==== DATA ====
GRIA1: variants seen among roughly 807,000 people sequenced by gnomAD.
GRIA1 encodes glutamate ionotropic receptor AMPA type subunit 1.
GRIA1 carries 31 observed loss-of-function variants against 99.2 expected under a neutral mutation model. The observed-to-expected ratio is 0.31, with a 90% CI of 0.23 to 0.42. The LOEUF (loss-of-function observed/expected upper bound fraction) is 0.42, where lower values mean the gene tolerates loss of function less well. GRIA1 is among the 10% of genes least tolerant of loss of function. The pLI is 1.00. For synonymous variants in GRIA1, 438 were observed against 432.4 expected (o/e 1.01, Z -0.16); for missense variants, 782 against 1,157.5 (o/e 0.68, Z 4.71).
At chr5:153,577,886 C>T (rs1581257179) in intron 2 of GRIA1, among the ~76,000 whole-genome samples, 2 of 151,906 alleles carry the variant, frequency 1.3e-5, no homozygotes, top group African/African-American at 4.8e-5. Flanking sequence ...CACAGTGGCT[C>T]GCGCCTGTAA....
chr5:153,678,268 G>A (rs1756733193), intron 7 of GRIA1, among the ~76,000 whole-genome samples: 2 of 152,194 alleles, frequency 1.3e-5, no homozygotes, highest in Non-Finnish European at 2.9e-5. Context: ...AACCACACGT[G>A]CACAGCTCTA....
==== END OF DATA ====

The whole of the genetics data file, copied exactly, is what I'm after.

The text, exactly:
GRIA1: variants seen among roughly 807,000 people sequenced by gnomAD.
GRIA1 encodes glutamate ionotropic receptor AMPA type subunit 1.
GRIA1 carries 31 observed loss-of-function variants against 99.2 expected under a neutral mutation model. The observed-to-expected ratio is 0.31, with a 90% CI of 0.23 to 0.42. The LOEUF (loss-of-function observed/expected upper bound fraction) is 0.42, where lower values mean the gene tolerates loss of function less well. GRIA1 is among the 10% of genes least tolerant of loss of function. The pLI is 1.00. For synonymous variants in GRIA1, 438 were observed against 432.4 expected (o/e 1.01, Z -0.16); for missense variants, 782 against 1,157.5 (o/e 0.68, Z 4.71).
At chr5:153,577,886 C>T (rs1581257179) in intron 2 of GRIA1, among the ~76,000 whole-genome samples, 2 of 151,906 alleles carry the variant, frequency 1.3e-5, no homozygotes, top group African/African-American at 4.8e-5. Flanking sequence ...CACAGTGGCT[C>T]GCGCCTGTAA....
chr5:153,678,268 G>A (rs1756733193), intron 7 of GRIA1, among the ~76,000 whole-genome samples: 2 of 152,194 alleles, frequency 1.3e-5, no homozygotes, highest in Non-Finnish European at 2.9e-5. Context: ...AACCACACGT[G>A]CACAGCTCTA....